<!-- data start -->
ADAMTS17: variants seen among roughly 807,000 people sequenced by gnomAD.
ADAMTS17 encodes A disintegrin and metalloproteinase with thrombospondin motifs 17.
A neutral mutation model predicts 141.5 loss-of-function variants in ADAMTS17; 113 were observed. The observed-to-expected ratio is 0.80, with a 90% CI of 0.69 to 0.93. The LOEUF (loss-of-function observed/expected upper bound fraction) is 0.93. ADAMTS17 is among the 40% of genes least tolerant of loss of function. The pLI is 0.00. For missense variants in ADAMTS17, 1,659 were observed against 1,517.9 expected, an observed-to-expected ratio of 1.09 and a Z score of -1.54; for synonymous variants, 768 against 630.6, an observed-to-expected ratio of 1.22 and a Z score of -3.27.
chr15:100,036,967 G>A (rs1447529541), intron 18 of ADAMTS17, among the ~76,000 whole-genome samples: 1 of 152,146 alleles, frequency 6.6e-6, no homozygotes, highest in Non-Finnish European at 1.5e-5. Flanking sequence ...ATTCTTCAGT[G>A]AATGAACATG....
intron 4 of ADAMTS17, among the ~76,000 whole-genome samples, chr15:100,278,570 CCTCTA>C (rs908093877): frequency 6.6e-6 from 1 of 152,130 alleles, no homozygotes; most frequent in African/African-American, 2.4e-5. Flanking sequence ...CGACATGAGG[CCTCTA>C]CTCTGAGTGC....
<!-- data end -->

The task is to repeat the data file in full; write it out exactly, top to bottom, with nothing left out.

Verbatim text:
ADAMTS17: variants seen among roughly 807,000 people sequenced by gnomAD.
ADAMTS17 encodes A disintegrin and metalloproteinase with thrombospondin motifs 17.
A neutral mutation model predicts 141.5 loss-of-function variants in ADAMTS17; 113 were observed. The observed-to-expected ratio is 0.80, with a 90% CI of 0.69 to 0.93. The LOEUF (loss-of-function observed/expected upper bound fraction) is 0.93. ADAMTS17 is among the 40% of genes least tolerant of loss of function. The pLI is 0.00. For missense variants in ADAMTS17, 1,659 were observed against 1,517.9 expected, an observed-to-expected ratio of 1.09 and a Z score of -1.54; for synonymous variants, 768 against 630.6, an observed-to-expected ratio of 1.22 and a Z score of -3.27.
chr15:100,036,967 G>A (rs1447529541), intron 18 of ADAMTS17, among the ~76,000 whole-genome samples: 1 of 152,146 alleles, frequency 6.6e-6, no homozygotes, highest in Non-Finnish European at 1.5e-5. Flanking sequence ...ATTCTTCAGT[G>A]AATGAACATG....
intron 4 of ADAMTS17, among the ~76,000 whole-genome samples, chr15:100,278,570 CCTCTA>C (rs908093877): frequency 6.6e-6 from 1 of 152,130 alleles, no homozygotes; most frequent in African/African-American, 2.4e-5. Flanking sequence ...CGACATGAGG[CCTCTA>C]CTCTGAGTGC....